Denmark preparing for toxic caterpillar invasion – The Post

Denmark preparing for toxic caterpillar invasion

Roads, restaurants and parks closed in Germany as caterpillars hospitalise over ten people

And they are all playing follow-my-leader all the way to Denmark (photo: Luc Hoogenstein)
July 8th, 2019 10:33 am| by Ben Hamilton

As predicted in late May, conditions this summer have so far been favourable for the oak processionary moth (Thaumetopoea processionea), and several German cities are currently battling its toxic larva – a  caterpillar that carries poisonous hairs that can cause skin irritation and asthma among humans.

A number of roads, restaurants and parks have been closed and several people have been hospitalised over the last month: nine in Mülheim, which is in western Germany, and six in Münster, which is again in western Germany.

Sightings in Denmark
Sightings of the moth have even been recorded on the south side of Lolland-Falster, although the general consensus is that the caterpillar won’t pose a major threat this year.

Nevertheless, the Danish authorities are preparing for the worst and enacting a plan to eradicate as many of the insects as possible.

July and August tend to be their most active months, and while the moth is not an invasive species in Germany, last year’s drought has resulted in many more breeding this year.

Mostly males sighted … so far
“Male [oak processionary moths] have already been caught on the south side of Lolland-Falster,” Iben Margrete Thomsen, a senior advisor at the Department of Geosciences and Nature Management at the University of Copenhagen, which is advising municipalities on action plans, confirmed to DR.

“Males fly much longer than females do. But the expectation is that they will come to Denmark at some point. But if it is in five or ten years, or just a year, we do not know.”

Hoovering up the bugs
Special devices are available to suction up the bugs, according to Thomsen, and the municipalities are being advised on the correct protective gear and how to locate and eradicate nests.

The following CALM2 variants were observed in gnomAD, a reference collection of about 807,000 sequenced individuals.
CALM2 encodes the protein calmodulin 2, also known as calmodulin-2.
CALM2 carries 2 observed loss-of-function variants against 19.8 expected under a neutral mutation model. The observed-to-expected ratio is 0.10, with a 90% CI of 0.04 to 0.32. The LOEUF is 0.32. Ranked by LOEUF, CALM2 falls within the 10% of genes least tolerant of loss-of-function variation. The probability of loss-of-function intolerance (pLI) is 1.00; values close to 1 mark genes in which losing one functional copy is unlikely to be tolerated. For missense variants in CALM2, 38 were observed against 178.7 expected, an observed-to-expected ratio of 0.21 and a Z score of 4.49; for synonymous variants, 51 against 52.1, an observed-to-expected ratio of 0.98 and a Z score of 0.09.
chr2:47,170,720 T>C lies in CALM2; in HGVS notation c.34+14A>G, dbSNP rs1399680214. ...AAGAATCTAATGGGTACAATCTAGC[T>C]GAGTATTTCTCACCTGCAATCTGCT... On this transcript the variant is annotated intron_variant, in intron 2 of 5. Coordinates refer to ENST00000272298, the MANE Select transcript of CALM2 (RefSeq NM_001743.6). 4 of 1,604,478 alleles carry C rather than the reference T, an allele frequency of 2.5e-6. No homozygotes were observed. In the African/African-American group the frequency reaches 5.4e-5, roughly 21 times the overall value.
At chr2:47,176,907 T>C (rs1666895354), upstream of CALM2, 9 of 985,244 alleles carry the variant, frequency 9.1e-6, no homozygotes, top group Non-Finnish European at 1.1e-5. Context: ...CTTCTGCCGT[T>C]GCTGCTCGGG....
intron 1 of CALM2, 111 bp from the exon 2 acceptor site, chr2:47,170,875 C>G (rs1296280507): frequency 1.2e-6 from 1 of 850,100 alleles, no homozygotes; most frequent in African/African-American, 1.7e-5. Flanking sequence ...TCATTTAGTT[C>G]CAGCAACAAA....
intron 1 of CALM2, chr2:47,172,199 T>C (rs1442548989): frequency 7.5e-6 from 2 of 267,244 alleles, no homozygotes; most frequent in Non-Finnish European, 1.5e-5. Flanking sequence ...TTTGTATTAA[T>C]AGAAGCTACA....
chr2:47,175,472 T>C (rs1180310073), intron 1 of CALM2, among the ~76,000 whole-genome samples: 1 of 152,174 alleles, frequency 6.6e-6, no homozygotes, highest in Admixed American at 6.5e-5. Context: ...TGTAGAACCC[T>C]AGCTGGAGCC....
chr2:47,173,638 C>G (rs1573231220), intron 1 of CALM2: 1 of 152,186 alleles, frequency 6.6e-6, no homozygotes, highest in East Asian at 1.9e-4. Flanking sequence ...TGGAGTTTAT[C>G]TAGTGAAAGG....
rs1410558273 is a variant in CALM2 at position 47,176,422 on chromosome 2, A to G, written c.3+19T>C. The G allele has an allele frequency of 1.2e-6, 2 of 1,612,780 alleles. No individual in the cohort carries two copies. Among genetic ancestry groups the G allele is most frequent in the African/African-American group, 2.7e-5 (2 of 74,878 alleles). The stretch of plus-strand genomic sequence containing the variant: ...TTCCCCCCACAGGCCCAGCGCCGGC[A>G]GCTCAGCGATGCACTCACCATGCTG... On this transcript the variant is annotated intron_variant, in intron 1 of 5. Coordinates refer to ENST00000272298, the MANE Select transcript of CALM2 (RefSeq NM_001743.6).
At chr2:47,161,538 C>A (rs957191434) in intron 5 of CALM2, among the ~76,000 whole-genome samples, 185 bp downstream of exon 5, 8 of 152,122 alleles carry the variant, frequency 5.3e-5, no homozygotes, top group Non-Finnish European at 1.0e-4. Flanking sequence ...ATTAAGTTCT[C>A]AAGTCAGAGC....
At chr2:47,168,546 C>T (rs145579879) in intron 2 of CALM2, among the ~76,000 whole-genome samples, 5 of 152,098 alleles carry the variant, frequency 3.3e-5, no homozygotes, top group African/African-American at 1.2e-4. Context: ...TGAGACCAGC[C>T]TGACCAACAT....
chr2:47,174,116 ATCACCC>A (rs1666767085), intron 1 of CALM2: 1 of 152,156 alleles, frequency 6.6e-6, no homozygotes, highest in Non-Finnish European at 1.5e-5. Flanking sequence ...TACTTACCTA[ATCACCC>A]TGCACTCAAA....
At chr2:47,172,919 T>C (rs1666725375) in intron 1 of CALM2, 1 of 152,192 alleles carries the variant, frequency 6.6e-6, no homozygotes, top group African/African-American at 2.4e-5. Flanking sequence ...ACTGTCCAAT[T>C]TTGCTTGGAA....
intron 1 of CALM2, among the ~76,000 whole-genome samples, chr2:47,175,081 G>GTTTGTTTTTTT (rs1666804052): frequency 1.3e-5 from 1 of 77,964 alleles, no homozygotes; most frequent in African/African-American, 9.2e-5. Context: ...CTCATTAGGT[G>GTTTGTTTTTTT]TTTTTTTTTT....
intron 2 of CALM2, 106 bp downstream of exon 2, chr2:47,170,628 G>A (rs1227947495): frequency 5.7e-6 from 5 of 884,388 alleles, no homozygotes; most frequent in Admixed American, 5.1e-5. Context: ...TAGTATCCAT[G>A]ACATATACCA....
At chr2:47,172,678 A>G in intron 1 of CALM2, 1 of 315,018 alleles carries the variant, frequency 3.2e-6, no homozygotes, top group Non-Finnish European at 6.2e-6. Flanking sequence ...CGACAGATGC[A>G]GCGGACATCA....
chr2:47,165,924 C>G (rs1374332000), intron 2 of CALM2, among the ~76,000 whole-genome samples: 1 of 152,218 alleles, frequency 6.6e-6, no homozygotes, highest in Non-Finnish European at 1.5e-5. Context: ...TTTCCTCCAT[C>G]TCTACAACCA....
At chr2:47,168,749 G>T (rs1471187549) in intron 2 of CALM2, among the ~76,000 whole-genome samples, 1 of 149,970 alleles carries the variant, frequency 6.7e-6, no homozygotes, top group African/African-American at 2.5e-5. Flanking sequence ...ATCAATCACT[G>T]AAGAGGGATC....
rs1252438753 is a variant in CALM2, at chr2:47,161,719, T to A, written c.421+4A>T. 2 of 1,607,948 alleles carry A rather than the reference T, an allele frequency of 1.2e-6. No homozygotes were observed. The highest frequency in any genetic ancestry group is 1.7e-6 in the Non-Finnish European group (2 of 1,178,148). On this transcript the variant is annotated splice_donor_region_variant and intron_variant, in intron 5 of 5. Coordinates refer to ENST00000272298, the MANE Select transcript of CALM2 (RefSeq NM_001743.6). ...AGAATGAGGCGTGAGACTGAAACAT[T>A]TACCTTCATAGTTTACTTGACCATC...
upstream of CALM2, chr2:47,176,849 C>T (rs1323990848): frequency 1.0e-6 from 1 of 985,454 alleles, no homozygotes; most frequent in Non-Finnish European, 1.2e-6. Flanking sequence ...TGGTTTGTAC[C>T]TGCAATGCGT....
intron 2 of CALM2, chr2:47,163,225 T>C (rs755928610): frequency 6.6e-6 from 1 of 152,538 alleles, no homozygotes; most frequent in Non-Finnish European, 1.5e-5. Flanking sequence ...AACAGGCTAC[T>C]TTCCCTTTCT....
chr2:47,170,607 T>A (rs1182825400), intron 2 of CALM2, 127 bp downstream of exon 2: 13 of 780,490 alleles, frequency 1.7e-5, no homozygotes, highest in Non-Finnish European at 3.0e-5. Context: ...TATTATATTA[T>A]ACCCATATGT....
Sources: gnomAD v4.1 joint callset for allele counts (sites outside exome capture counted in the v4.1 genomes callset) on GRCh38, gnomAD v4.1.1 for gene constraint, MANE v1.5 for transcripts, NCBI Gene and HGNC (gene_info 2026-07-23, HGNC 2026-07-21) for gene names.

The nests can be particularly problematic, as when the moth emerges from the larva, it remains poisonous. Each one has 60,000 minute hairs, which if inhaled can cause all manner of problems. Another issue are the eggs, which are particularly small and difficult to see.

Toxic caterpillars


– The caterpillars are typically found in oak forests

– They travel in nose-to-tail processions (hence their name), often arrow-headed, with a leader followed by rows of several caterpillars abreast

– The caterpillars have around 62,000 hairs full of a poisonous protein called thaumetopoein they secrete when they feel threatened, so people can be affected by touching the caterpillars but also by inhaling wind-borne hairs.

– Inhaling the caterpillar’s hairs can cause rash, respiratory problems, nausea and vomiting,

– Avoiding contact with the larva is advised – whether it is alive and dead. Don’t pick it up. Avoid breathing close to it

– If you come into contact with a caterpillar, or breathe close to it, take off your clothes and wash with water and soap

– If you experience problems with breathing, seek medical attention

– There is a relative of the moth already living in Bornholm – the pine processionary moth. It has caused a number of people to be hospitalised recently.